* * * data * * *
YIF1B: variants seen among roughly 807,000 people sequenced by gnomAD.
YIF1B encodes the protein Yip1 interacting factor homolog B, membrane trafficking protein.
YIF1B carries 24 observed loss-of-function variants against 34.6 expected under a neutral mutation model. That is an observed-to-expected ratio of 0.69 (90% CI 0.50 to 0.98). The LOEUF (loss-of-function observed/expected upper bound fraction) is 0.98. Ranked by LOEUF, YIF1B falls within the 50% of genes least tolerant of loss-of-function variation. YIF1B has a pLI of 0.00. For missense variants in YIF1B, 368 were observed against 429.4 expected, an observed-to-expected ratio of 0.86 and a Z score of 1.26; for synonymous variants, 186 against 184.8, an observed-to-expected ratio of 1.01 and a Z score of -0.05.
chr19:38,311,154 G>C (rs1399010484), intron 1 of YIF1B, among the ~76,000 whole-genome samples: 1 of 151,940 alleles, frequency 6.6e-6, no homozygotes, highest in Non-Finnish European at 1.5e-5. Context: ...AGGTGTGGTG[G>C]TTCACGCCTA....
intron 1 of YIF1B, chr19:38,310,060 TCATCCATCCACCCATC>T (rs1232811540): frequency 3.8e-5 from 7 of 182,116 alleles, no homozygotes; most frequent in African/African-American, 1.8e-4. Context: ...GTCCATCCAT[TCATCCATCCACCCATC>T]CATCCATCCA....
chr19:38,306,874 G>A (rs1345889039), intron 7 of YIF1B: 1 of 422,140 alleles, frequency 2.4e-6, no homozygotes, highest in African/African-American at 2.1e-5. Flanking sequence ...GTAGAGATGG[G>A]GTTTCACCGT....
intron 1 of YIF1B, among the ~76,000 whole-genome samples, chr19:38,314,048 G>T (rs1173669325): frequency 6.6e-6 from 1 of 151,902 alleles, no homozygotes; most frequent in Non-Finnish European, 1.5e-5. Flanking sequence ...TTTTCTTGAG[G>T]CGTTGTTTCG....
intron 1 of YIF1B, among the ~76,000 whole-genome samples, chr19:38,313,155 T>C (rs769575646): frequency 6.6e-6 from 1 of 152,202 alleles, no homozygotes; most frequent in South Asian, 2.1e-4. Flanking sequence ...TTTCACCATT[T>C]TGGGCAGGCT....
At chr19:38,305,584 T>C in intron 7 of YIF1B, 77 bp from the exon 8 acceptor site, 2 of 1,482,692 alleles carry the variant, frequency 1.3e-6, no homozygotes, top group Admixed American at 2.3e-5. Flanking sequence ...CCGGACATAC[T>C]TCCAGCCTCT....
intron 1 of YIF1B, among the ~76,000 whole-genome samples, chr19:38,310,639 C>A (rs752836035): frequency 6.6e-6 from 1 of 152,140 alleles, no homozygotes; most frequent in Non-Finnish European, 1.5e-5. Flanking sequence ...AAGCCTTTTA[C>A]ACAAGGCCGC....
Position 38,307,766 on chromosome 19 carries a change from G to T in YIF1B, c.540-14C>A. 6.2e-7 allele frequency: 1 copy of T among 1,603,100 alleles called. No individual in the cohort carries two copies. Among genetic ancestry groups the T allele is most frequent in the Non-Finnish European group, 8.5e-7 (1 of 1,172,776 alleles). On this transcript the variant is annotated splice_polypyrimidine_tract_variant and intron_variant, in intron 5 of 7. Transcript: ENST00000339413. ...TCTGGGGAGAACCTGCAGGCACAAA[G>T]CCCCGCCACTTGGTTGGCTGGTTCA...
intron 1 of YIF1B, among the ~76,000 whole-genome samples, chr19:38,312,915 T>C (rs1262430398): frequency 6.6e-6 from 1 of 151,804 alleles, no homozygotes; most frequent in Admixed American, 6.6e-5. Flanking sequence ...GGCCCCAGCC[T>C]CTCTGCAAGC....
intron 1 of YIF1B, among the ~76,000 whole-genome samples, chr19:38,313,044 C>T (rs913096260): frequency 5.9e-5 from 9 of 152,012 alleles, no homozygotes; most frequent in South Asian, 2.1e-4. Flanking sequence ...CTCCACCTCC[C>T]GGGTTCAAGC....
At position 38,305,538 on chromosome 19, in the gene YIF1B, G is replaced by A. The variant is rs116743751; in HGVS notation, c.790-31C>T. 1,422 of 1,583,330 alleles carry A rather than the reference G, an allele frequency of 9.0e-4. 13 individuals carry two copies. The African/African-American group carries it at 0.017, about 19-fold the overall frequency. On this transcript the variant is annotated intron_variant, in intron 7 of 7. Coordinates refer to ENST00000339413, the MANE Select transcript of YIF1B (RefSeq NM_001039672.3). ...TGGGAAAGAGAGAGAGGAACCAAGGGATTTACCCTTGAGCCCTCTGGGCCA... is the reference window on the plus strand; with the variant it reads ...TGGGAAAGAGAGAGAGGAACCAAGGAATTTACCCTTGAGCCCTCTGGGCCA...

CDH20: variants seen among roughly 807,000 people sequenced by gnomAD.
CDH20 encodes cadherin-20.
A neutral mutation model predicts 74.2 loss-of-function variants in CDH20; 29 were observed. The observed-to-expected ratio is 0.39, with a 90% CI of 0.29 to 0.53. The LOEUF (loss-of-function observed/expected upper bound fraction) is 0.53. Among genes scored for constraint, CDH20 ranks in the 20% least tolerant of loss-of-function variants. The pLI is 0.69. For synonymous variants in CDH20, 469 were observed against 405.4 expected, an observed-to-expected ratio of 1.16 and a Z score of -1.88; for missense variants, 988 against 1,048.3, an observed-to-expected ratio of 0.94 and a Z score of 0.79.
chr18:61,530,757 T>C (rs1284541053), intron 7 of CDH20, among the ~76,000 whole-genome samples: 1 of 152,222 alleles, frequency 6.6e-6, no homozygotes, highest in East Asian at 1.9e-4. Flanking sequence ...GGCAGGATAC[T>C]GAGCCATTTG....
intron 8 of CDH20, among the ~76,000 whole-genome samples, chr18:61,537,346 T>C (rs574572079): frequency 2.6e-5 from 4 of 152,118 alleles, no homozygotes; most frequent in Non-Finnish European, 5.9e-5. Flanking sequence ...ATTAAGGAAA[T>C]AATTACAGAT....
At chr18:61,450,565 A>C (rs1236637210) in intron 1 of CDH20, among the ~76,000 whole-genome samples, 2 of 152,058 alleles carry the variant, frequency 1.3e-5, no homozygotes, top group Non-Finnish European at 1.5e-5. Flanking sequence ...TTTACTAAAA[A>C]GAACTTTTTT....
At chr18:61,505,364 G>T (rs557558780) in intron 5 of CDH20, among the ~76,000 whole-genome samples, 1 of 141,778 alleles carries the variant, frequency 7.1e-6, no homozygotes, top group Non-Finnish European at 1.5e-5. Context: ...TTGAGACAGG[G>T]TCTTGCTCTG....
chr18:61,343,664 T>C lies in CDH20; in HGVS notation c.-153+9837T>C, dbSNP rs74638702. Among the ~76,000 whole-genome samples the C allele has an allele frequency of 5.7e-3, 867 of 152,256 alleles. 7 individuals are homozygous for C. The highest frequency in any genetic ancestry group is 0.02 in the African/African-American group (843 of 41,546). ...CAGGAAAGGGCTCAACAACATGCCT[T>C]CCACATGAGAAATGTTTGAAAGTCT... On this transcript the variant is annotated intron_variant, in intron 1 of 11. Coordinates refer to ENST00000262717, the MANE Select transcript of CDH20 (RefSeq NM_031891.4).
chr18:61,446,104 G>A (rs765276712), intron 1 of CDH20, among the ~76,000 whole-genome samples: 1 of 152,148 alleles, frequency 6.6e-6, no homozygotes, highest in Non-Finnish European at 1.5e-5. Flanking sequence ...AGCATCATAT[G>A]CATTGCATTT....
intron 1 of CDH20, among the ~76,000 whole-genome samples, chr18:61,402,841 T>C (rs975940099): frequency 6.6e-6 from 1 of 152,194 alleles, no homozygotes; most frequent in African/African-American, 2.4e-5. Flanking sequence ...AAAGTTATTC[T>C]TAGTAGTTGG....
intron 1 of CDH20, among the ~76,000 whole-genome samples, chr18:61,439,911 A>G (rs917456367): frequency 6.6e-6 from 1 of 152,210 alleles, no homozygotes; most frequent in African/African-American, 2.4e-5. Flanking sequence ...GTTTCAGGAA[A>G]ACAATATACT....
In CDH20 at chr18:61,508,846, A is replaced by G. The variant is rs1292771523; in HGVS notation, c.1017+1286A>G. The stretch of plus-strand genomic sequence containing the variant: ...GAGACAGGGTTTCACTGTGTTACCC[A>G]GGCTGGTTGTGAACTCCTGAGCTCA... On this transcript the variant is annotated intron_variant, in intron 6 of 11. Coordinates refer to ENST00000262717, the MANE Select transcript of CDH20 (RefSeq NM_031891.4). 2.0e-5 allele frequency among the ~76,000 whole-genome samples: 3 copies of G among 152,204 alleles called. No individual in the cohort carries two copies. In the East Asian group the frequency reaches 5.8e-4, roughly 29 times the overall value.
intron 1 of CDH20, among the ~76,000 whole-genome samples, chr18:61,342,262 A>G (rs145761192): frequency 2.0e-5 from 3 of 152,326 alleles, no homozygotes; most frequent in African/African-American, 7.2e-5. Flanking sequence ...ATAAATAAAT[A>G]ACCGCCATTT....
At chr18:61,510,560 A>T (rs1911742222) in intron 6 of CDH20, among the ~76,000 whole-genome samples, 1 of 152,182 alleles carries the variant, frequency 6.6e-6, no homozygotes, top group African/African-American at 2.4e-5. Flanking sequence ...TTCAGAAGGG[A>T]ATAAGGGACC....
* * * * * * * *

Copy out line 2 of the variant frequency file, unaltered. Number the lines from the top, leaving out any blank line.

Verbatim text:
YIF1B encodes the protein Yip1 interacting factor homolog B, membrane trafficking protein.